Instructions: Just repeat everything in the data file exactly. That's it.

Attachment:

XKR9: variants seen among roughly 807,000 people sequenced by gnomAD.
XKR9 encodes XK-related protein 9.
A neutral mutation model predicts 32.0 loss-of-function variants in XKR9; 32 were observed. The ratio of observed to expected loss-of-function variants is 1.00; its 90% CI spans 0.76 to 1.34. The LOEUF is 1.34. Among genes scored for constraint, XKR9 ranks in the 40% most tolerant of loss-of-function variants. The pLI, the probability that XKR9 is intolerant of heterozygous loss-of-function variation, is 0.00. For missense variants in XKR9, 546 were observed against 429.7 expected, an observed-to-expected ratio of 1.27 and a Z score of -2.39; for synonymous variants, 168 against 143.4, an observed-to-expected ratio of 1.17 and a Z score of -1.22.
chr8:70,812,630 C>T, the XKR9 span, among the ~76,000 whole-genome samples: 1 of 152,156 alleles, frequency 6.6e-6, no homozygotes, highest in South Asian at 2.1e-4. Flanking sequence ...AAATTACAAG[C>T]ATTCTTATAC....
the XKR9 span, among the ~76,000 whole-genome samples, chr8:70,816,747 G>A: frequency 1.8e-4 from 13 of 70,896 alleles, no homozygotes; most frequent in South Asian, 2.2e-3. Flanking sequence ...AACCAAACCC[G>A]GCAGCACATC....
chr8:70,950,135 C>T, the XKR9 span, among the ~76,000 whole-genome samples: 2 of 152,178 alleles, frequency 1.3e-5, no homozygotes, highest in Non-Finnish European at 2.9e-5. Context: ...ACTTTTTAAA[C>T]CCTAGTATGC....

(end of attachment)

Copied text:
XKR9: variants seen among roughly 807,000 people sequenced by gnomAD.
XKR9 encodes XK-related protein 9.
A neutral mutation model predicts 32.0 loss-of-function variants in XKR9; 32 were observed. The ratio of observed to expected loss-of-function variants is 1.00; its 90% CI spans 0.76 to 1.34. The LOEUF is 1.34. Among genes scored for constraint, XKR9 ranks in the 40% most tolerant of loss-of-function variants. The pLI, the probability that XKR9 is intolerant of heterozygous loss-of-function variation, is 0.00. For missense variants in XKR9, 546 were observed against 429.7 expected, an observed-to-expected ratio of 1.27 and a Z score of -2.39; for synonymous variants, 168 against 143.4, an observed-to-expected ratio of 1.17 and a Z score of -1.22.
chr8:70,812,630 C>T, the XKR9 span, among the ~76,000 whole-genome samples: 1 of 152,156 alleles, frequency 6.6e-6, no homozygotes, highest in South Asian at 2.1e-4. Flanking sequence ...AAATTACAAG[C>T]ATTCTTATAC....
the XKR9 span, among the ~76,000 whole-genome samples, chr8:70,816,747 G>A: frequency 1.8e-4 from 13 of 70,896 alleles, no homozygotes; most frequent in South Asian, 2.2e-3. Flanking sequence ...AACCAAACCC[G>A]GCAGCACATC....
chr8:70,950,135 C>T, the XKR9 span, among the ~76,000 whole-genome samples: 2 of 152,178 alleles, frequency 1.3e-5, no homozygotes, highest in Non-Finnish European at 2.9e-5. Context: ...ACTTTTTAAA[C>T]CCTAGTATGC....